At a glance.
- Possible data leak at the University of Kashmir.
- Insurance company vulnerable to data exposure.
- Third-party data breach hits Priority Health.
Possible data leak at the University of Kashmir.
The Kashmir Monitor reports that the University of Kashmir has launched a probe into an alleged data leak. “Just spotted an alleged database of The University of Kashmir being sold on a hacking forum. Threat actor goes by the name “ViktorLustig” selling the database of @KmrUniversity for $250. He shared a Database index showing what he has,” said Abhishek Verma, a journalist at DroidMaze, in a tweet. According to a subsequent tweet from Verma, it is revealed that if the database is legitimate, the threat actor has student information, registration numbers, emails, passwords, employees, and more data. The administrator of the forum asserts that the database is legitimate, but the university claims that in their preliminary investigation, they found the data to be unmodified. A spokesperson for the university said, “The alleged breach is being analyzed and as per the preliminary analysis, it has been found that the data is unmodified. Any breach on data read (which is already accessible in the public domain) is being analyzed in-depth and depending upon the analysis, University will take further course of action and take an appropriate legal recourse accordingly.”
Insurance company vulnerable to data exposure.
A cybersecurity startup has found critical vulnerabilities in a major Indian insurance broker’s network, the AP reports. CyberX9, the startup that discovered the vulnerabilities, did what any ethical hackers would do and gave Policybazaar, the brokerage involved, time to remedy the flaws and inform the authorities. CyberX9 did not ask to test the system, rather, they believed they were justified in their access because they were customers of the brokerage. Policybazaar notified India’s stock exchange of the breach, and noted that there was “no significant customer data” exposure. It also says it patched the vulnerabilities. CyberX9 says that the accessible data were more than just phone numbers, addresses, and emails – they also included scans of photo identifications, and health and financial documents such as tax returns, bank statements, and birth certificates, since these are all collected when people apply for insurance.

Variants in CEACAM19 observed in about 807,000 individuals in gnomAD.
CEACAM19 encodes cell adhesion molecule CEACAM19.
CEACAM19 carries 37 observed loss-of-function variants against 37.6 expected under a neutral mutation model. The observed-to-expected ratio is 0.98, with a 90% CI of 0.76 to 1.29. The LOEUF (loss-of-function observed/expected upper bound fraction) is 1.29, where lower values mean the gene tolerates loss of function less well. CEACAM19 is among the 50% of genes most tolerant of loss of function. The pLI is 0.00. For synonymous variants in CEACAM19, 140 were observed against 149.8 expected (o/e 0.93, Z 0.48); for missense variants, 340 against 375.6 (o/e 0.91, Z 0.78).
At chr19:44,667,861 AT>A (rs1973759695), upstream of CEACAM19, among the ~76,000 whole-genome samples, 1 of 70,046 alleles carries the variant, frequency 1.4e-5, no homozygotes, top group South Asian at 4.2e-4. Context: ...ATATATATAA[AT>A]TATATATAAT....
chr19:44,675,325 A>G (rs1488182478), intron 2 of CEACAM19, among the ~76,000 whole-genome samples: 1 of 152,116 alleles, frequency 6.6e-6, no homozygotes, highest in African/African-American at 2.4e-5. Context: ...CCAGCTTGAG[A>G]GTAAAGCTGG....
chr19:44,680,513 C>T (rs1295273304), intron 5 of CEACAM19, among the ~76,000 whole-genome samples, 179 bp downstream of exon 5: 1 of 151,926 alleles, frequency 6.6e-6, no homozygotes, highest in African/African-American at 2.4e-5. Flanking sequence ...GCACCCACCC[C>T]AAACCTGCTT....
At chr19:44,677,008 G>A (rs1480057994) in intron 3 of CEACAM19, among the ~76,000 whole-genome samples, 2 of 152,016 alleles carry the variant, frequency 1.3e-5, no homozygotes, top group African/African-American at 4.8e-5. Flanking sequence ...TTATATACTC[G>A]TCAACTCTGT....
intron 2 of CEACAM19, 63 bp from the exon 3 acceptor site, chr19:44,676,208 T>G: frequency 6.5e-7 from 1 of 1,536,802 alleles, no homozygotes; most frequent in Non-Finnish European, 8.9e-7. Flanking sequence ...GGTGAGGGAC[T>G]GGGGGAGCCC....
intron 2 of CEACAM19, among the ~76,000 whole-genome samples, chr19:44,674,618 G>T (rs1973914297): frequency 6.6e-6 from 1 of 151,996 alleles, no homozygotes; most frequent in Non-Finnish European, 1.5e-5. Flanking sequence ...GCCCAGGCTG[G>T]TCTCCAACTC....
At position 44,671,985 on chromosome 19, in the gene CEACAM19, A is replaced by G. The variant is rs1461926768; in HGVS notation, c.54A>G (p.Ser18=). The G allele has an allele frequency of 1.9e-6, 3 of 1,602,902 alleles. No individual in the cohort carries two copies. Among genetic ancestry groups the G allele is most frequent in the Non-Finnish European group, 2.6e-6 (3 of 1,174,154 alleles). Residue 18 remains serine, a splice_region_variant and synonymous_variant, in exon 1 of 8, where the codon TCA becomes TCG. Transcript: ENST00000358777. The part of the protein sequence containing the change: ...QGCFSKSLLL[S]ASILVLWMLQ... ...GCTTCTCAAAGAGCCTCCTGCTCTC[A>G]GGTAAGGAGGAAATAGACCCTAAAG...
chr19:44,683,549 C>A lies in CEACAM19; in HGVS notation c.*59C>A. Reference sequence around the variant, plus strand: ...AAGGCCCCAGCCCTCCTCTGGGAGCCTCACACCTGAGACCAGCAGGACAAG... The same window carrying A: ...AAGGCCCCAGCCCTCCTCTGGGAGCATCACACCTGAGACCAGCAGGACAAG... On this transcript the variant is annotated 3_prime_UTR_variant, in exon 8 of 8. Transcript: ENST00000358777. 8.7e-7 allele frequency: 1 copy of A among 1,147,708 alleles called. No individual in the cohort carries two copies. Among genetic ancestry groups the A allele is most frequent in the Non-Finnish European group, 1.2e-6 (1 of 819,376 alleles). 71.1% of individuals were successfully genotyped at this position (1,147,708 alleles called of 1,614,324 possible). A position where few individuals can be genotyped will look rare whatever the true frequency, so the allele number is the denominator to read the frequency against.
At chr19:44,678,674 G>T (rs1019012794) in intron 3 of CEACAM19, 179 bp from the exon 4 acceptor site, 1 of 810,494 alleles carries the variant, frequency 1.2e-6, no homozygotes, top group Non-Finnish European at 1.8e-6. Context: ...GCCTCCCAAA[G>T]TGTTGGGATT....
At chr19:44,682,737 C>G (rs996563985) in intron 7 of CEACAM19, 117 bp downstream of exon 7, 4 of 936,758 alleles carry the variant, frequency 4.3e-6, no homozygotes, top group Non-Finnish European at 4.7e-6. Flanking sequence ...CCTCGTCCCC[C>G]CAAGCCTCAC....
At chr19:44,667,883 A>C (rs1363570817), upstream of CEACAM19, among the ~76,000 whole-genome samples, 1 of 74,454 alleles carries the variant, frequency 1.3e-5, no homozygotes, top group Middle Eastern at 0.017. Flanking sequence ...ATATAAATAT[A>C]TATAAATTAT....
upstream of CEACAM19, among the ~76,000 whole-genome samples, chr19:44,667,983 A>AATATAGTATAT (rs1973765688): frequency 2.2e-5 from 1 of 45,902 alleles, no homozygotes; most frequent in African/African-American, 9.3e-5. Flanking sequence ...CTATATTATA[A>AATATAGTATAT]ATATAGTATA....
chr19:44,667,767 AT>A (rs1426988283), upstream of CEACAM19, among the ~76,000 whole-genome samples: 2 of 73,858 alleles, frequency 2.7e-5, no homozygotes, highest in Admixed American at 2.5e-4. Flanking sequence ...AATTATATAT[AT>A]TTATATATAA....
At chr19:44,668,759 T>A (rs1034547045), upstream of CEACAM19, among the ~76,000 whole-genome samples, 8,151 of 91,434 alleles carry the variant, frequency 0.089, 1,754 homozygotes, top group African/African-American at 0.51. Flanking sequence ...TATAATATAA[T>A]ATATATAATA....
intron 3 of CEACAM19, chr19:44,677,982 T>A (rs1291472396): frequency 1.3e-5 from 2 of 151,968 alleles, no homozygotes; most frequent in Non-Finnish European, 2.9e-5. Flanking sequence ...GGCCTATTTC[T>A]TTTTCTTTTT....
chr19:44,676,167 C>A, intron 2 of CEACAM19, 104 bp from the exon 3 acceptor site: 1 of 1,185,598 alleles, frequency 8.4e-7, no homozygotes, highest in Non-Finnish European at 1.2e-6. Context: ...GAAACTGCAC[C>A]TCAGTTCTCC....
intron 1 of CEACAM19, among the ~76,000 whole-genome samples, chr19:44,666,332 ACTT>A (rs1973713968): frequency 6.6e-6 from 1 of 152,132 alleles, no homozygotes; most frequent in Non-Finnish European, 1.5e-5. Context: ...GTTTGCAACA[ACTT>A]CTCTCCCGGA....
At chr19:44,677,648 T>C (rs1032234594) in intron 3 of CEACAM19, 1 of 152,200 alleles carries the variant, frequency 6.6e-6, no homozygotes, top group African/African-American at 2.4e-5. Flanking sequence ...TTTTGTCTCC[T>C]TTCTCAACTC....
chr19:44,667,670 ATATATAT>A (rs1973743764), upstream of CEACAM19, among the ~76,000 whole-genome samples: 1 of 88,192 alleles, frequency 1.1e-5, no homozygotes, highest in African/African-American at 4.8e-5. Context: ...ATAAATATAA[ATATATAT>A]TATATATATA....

It is unclear how this will pan out for CyberX9, as India’s laws draw little distinction between ethical hacking and malicious hacking. Apar Gupta, executive director of the nonprofit Internet Freedom Foundation, said, “There is ambiguity in the law — it says you can’t test without permission and only after that can you probe.” Security experts seem to find CyberX9’s actions justified because they were customers, as long as they did their evaluation responsibly. The startup says they would be pleased to receive a “bug bounty” for their work, although none has been paid.
Third-party data breach hits Priority Health.
Priority Health, a plan serving over one million members in Michigan each year, issued a notice about a third-party data breach that took place at law firm Warner Norcross & Judd (WNJ) in October of 2021. HealthITSecurity reports that unauthorized activity was discovered on the law firm’s network on October 22, 2021, and steps were taken to secure the network. The firm disclosed the incident to Priority Health on June 6, 2022. While there has been no evidence of misuse of the breached data, data affected included first and last names, pharmacy and claim information, drug names, and prescription dates from certain prescriptions filled in 2012. Over 120,000 Priority Health members were impacted. The notice from the firm stated, “WNJ has sent notification of the incident to potentially impacted individuals and has provided resources to assist them.”